Well, it seems that when it comes to the last day of the year, what I can remember are only the corny jokes about forgetfulness.

But seriously, even as I turn back the pages of the year, the images that came to my mind are just so fuzzy, it’s like watching a movie on fast forward.

It also means that when it comes to giving thanks to God, we might be a bit fuzzy about it.

In other words, we want to give thanks to God, but don’t know where to start, or how to start.

Nonetheless, I can think of a few things to give thanks for.

Well, at least things are rather stable in church this year.

If you can remember, last year at this time, there were some renovations going on, some floor re-tiling, so it was a Merry Dusty Christmas.

Also among us priests, things are stable, no one is moved around, so we have some stability there.

Because when priests are moved around, then the priests will be stressed, then you will also become stressed.

But giving thanks and showing a grateful heart is something to be learnt, and cultivated.

And we can learn to truly give thanks with a grateful heart from none other than Mary, our blessed Mother.

The gospel mentioned that she treasured all these things and pondered them in her heart.

Mary treasured all that had happened to her, by giving thanks to God, because she believed that her life is in God’s hands, and all that had happened is in God’s plan.

She also pondered in her heart, and whatever she could not understand, she prayed, and she waited for it to be revealed to her.

So from Mary, we learn to give thanks, and to pray and wait. We learn to pray, to PUSH and to wait.

You remember what PUSH stands for: Pray until something happens.

Do you know what WAIT stands for? Will Arrive in Time.

Yes, from Mary our Blessed Mother, we learn to treasure and ponder, we learn to PUSH and WAIT.

If we can remember the gospel story about the miracle at the wedding feast in Cana, then we will know what it means to PUSH and WAIT.

In that story, the wine for the wedding ran out ; Mary came to know about it, told Jesus about it, and she prayed until something happened, and it arrived in time.

But we must believe that every prayer uttered is also every prayer answered.

And like Mary, we just have to PUSH and WAIT, and that is, Pray Until Something Happens and it Will Arrive In Time.

So as we gather in this Mass to offer our thanks to God for His blessings and graces throughout the year …………
We also ask Mother Mary to pray for us and our loved ones so that we will deepen our faith in the days to come, and to grow in love for God.

Yet, even as I say this, we know of some who are near and dear to us, who have become lukewarm in their faith, and we pray that they will come back to God eventually.

Well, let me share with you a story about a young boy who told his grandfather that he is not going to church anymore.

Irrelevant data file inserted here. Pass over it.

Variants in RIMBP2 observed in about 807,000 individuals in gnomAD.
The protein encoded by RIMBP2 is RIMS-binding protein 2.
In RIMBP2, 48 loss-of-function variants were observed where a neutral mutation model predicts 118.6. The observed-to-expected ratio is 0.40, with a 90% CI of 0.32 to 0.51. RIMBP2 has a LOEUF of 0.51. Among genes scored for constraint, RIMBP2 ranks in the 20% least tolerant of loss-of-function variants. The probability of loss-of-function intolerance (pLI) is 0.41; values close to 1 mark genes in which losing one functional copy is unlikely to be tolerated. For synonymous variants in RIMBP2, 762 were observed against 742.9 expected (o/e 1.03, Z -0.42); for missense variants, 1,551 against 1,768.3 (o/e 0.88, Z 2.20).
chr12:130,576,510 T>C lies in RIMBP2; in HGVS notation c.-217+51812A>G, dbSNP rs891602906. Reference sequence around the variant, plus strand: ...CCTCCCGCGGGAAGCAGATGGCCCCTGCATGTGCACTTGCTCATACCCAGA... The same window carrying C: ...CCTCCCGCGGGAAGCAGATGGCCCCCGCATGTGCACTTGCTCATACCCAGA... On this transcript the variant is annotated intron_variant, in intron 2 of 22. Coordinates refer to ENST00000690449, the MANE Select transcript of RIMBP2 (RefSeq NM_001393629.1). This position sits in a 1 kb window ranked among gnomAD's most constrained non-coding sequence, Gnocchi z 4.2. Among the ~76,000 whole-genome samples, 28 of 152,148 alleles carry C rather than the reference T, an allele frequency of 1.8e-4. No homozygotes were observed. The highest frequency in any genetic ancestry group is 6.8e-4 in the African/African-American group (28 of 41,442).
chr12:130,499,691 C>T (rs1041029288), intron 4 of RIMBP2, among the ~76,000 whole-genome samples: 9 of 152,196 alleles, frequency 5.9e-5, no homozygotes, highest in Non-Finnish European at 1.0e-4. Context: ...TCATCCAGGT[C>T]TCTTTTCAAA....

The grandfather asked him why, and he said that going for Mass is not helping him, he can’t remember anything, and his prayers are not answered.

The grandfather nodded his head, and told the young boy to bring him the old wicker basket that was lying somewhere in the corner of the house.

The young boy brought it to him, and the grandfather said : Go to the river and fetch some water with this basket.

Of course the boy argued that it can’t be done, because the wicker basket cannot hold water.

But the grandfather said : Just go and do it, and run back as fast as you can.

So the boy went to the river, scooped a basketful of water and ran back.

Of course, by the time he came back to his grandfather, there was no water left in the basket.

So the boy said : I told you, it can’t be done.
Grandfather said : That’s because you didn’t run fast enough. Go again, and run faster this time.

So the boy went again, scooped water with the basket, and ran back as fast as he could, but still in vain.

The grandfather smiled and said : Go again, and run faster this time.

So the boy went again, scooped water with the basket, and ran back faster than before, but still in vain ; there is no water left in the basket.

So he told the grandfather : I am not going anymore. It’s useless. I won’t get any water.

The grandfather said : Well, that’s true, you didn’t get any water. But take a look at the wicker basket. What do you see?

The young boy looked at the wicker basket, and wondered what his grandfather meant.

Grandfather said : You didn’t get any water, but look, the old dirty wicker basket now looks new and clean, right?

Just a simple story, but a simple story that tells us about the mystery and the power of prayer.

Something happens when we pray. Something happens in others when we pray for them. Something happens in us when Mother Mary prays for us.

So with Mother Mary, we PUSH and keep praying until something happens.

And let us also believe that whatever we are praying for, will happen, and will arrive in time.

Whether it is this year or the next, it will arrive in time.
Yes, it will arrive, in God’s time.